Levels of Commodification: Interpreting ideologies of consumption by classifying the relative commodification of ceramic vessel assemblages
Author(s): Eric Schweickart
Over the course of the eighteenth century, individuals around the world began to embrace new ideas regarding the meanings inherent in the act of consuming household goods. As novel ways of signaling wealth became popular at all social levels, the production and acquisition of more commodified objects increased. This paper introduces a methodology for understanding a particular household’s ideological views through the classification of their ceramic vessels based on how commodified the pottery was at the point of acquisition. Using rural households in colonial Virginia and the western Scottish Lowlands as case studies, it is demonstrated that this analysis can provide crucial insight into the behavior of consumers as they struggled to define themselves in societies reshaped by colonialism and the ethos of improvement.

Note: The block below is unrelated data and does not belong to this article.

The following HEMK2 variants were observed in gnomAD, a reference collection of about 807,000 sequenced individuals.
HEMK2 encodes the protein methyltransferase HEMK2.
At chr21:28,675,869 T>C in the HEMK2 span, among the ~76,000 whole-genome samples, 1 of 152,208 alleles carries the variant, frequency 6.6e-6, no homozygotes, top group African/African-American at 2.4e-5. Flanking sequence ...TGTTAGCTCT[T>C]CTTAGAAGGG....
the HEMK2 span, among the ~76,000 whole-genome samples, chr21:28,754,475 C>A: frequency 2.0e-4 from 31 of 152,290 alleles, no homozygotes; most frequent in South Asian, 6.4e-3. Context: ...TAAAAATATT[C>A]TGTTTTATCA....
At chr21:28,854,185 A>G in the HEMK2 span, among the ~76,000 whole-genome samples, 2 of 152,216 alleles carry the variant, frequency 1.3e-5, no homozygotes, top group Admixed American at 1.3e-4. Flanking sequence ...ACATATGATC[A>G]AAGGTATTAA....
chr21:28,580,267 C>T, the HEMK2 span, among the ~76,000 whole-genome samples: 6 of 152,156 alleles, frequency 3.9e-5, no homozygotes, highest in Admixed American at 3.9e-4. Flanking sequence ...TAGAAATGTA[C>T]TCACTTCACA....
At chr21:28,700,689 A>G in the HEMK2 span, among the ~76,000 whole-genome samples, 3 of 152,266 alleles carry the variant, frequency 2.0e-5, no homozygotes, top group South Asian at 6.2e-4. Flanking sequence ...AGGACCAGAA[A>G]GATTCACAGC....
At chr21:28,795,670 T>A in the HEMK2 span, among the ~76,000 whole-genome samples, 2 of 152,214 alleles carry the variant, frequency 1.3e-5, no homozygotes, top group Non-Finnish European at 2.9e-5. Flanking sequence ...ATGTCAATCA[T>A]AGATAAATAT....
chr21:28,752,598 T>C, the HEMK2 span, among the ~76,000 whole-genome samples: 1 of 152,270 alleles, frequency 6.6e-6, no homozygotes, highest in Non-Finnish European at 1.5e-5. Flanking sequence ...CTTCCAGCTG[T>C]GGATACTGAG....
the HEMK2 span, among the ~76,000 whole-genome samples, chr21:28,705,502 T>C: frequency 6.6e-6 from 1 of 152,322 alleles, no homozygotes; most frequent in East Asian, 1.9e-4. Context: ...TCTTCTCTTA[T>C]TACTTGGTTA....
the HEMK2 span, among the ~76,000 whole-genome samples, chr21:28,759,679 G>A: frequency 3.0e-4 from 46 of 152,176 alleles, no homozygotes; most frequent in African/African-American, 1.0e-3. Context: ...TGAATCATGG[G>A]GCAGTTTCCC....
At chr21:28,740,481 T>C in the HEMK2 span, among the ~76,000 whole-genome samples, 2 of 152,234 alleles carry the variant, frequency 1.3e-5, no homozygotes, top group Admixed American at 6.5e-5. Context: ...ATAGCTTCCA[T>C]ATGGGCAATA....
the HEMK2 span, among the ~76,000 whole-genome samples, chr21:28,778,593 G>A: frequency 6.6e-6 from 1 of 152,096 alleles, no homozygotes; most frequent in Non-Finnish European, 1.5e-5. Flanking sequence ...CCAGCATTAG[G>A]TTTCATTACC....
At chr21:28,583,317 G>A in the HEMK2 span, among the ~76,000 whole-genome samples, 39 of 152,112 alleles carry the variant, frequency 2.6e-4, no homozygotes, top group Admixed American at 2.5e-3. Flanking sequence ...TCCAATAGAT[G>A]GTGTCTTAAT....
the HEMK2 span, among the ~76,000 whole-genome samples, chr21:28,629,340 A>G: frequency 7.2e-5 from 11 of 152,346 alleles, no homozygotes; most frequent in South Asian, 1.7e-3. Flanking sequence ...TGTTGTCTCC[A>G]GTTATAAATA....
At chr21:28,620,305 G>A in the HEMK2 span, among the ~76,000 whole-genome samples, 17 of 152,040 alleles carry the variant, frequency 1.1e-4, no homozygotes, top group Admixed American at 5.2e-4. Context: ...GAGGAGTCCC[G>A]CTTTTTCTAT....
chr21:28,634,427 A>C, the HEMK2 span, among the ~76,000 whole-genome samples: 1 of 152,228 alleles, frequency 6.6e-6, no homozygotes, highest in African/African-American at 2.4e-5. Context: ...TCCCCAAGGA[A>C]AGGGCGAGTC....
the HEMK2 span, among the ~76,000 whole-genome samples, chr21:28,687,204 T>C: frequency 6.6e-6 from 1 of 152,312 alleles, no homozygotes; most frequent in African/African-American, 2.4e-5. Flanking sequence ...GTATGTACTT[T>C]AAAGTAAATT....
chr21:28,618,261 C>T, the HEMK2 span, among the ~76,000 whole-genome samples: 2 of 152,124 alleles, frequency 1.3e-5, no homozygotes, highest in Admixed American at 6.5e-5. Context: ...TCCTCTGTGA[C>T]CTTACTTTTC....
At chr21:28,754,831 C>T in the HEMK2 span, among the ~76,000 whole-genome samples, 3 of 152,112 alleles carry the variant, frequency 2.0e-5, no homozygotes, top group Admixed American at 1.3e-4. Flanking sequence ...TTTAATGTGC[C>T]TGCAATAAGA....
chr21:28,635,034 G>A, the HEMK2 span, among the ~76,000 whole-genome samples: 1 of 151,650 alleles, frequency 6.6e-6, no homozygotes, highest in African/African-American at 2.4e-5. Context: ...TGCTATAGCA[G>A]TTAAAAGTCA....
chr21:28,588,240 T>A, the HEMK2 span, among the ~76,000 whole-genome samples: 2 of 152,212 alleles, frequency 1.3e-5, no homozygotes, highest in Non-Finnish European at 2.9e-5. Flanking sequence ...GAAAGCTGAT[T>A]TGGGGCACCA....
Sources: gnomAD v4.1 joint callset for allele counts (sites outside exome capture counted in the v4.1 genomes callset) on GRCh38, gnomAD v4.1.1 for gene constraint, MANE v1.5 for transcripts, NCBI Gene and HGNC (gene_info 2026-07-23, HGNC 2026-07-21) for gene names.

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Levels of Commodification: Interpreting ideologies of consumption by classifying the relative commodification of ceramic vessel assemblages. Eric Schweickart. Presented at Society for Historical Archaeology, Quebec City, Quebec, Canada. 2014 ( tDAR id: 437132) ; doi:10.6067/XCV8X069MF
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